Book: Enlightenment Now

  • Rebecca Tinsley

Enlightenment Now: the case for reason, science, humanism and progress, by Steven Pinker, Allen Lane, £25

Bill Gates has anointed Enlightenment Now as his favourite book of all time. No wonder: the author, Steven Pinker, provides proof that the logic underlying the Gates Foundation's work is correct. Despite the daily diet of misery in the news, the hard evidence shows that the world is a massively better place, and there has never been a better time to be alive.

This lengthy but highly readable tome is recommended for ICN readers discouraged by the global rise of populism, intolerance, conflict and ethnic cleansing. The author succeeds in showing the extraordinary strides made in tackling absolute poverty, short life expectancy, maternal and child mortality, ignorance, disease and the risk of dying in accidents. He also makes a convincing case for the institutions currently under attack by politicians who harness voters' disenchantment and frustration with so-called global elites.

Pinker is alarmed by the anti-enlightenment forces currently in the ascendant: loyalty to tribe, deference to authority, magical thinking, and the blaming of misfortune on evil doers or "the other." He worries that we have become so used to human progress that we no longer value the enormous benefits due to liberal democracy, predictable laws, legitimate institutions, and organisations of international cooperation.

Thanks to the Enlightenment, he argues, average global life expectancy has increased from 29 in the mid-18th century to 71 now. In the relative affluent USA and Europe, the average life span was 60 in 1950. Even in Ethiopia, it is now 61. Thanks to the work of a mere 100 scientists, five billion lives have been saved with inventions that eradicated diseases like small pox, reduced the impact of polio and malaria, increased agricultural yields and improved traffic and airplane safety. In 1970, 35% of the world was undernourished; that figure has fallen to 13% now.

In confronting "romantic declinism" ("Make America Great Again," "Britain was better off before it joined Europe," "if only things could be like they were in the 1950s") Pinker points out that there is little media interest in a headline that reads, "The number of people living in extreme poverty fell by 137,000 yesterday, and has done every day for the last 25 years." He refutes the supposed negative impact of globalisation, pointing out that devices that have totally transformed the lives of women (washing machines, vacuum cleaners, refrigerators) are now affordable to most people in the developed world, whereas they were once luxuries.

Pinker's aim is also to make the case for humanism, as opposed to religious faith, which he sees as standing in the way of progress. Yet, after sundry chapters on the formation of the universe (or multiverses), he cannot produce evidence that matter, time and space suddenly appeared from nothing, as opposed to being created by the first mover that readers of ICN call God. Someone should remind Pinker that when Neil Armstrong (a brilliant scientist and engineer, as well as being the first man on the moon) returned from space, he said he was a deist - in other words, he thought that something much greater than us, and not a random set of coincidences, had created everything out there. No matter how you dress up your scientific "facts," it all boils down to one set of opinions or beliefs as opposed to another set of opinions or beliefs.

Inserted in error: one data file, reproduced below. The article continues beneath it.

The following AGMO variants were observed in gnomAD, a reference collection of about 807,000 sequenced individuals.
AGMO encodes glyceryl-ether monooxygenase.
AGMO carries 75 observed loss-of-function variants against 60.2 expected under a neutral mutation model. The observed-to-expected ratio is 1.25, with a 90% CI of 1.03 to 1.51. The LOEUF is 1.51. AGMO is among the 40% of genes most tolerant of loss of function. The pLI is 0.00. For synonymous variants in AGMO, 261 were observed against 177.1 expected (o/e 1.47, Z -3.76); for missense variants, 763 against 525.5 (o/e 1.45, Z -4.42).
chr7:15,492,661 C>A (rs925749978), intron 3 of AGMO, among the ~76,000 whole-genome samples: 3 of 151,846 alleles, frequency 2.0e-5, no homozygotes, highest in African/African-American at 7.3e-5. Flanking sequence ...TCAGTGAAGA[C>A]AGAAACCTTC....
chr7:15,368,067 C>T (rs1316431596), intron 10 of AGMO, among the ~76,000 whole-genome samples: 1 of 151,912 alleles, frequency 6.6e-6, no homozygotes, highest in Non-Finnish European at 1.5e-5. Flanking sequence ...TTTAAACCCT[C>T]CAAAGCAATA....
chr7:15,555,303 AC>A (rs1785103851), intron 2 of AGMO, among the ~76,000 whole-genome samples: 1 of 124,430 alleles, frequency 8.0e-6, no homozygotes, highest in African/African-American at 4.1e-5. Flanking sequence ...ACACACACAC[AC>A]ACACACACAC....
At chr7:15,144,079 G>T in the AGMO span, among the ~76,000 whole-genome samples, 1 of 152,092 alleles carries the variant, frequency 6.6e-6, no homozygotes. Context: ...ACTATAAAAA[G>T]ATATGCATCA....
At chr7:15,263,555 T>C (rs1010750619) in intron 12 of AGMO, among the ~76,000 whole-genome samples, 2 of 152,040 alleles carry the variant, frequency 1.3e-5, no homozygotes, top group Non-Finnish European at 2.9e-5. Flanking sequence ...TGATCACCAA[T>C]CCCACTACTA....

Another quibble: Pinker assumes all problems can be solved by applying Enlightenment tools (science, education, liberal democracy, accountable institutions). At the same time, he admits that huge challenges remain in Sub-Saharan Africa and several Muslim-majority countries. Yet, he avoids confronting the power of traditions and prevailing culture that breed suspicion of science or vaccinations or literacy or education for girls or pre-natal care, or that validate beating your wife daily or selling your young daughter into sex slavery. It is as if he is a visitor from another planet who doesn't quite grasp the entirely human, irrational impediments there are to spreading the benefits of knowledge and progress. He avoids the very real danger facing someone in a conservative, traditional society who questions interpretations of holy texts or the power of clan leaders and witch doctors.

Pinker also understates the number of civilians (as opposed to soldiers or militia members) still being killed in conflict around the globe. He blames "civil wars" without grasping that governments such as those in Myanmar, Syria, Sudan, South Sudan and the Democratic Republic of Congo, are killing their own citizens. He also states that only 5,000 have been killed by the Islamist Boko Haram terrorists in Nigeria, when even the Nigerian government admits the figure is 20,000. When your reviewer visited the Middle Belt region two years ago, Christians there provided convincing proof that 20,000 had been killed by Boko Haram and their associated Islamist herders in their region alone.

However, this is the book for you if you wish to cheer yourself up, or win arguments against your racist cousin Kev, or your Trump- or Brexit-supporting Uncle Nigel. Not that Uncle Nigel is likely to believe Pinker's statistics; more fake news, he'll say.

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Tags: Rebecca Tinsley, Steven Pinker

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